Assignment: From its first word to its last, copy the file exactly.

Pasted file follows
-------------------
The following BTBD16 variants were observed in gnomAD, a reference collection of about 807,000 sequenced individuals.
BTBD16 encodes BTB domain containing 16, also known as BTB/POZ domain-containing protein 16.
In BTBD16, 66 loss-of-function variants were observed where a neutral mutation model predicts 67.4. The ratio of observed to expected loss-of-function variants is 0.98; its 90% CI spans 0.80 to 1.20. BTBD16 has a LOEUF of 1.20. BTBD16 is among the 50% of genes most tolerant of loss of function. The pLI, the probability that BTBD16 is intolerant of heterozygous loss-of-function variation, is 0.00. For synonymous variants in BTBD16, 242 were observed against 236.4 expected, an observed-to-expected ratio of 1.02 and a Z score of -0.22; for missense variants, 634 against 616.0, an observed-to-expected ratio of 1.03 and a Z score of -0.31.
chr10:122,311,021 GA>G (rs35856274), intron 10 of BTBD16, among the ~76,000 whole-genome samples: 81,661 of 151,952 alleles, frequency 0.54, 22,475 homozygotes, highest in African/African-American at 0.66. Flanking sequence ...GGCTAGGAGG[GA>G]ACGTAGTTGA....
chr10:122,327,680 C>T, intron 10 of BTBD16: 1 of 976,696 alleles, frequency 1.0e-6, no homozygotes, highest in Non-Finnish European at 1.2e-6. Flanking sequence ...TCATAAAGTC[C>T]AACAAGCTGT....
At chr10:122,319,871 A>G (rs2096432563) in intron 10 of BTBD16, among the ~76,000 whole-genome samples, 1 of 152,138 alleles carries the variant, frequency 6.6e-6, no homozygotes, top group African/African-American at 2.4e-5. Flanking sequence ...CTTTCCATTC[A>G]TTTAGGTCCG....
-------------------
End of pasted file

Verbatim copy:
The following BTBD16 variants were observed in gnomAD, a reference collection of about 807,000 sequenced individuals.
BTBD16 encodes BTB domain containing 16, also known as BTB/POZ domain-containing protein 16.
In BTBD16, 66 loss-of-function variants were observed where a neutral mutation model predicts 67.4. The ratio of observed to expected loss-of-function variants is 0.98; its 90% CI spans 0.80 to 1.20. BTBD16 has a LOEUF of 1.20. BTBD16 is among the 50% of genes most tolerant of loss of function. The pLI, the probability that BTBD16 is intolerant of heterozygous loss-of-function variation, is 0.00. For synonymous variants in BTBD16, 242 were observed against 236.4 expected, an observed-to-expected ratio of 1.02 and a Z score of -0.22; for missense variants, 634 against 616.0, an observed-to-expected ratio of 1.03 and a Z score of -0.31.
chr10:122,311,021 GA>G (rs35856274), intron 10 of BTBD16, among the ~76,000 whole-genome samples: 81,661 of 151,952 alleles, frequency 0.54, 22,475 homozygotes, highest in African/African-American at 0.66. Flanking sequence ...GGCTAGGAGG[GA>G]ACGTAGTTGA....
chr10:122,327,680 C>T, intron 10 of BTBD16: 1 of 976,696 alleles, frequency 1.0e-6, no homozygotes, highest in Non-Finnish European at 1.2e-6. Flanking sequence ...TCATAAAGTC[C>T]AACAAGCTGT....
At chr10:122,319,871 A>G (rs2096432563) in intron 10 of BTBD16, among the ~76,000 whole-genome samples, 1 of 152,138 alleles carries the variant, frequency 6.6e-6, no homozygotes, top group African/African-American at 2.4e-5. Flanking sequence ...CTTTCCATTC[A>G]TTTAGGTCCG....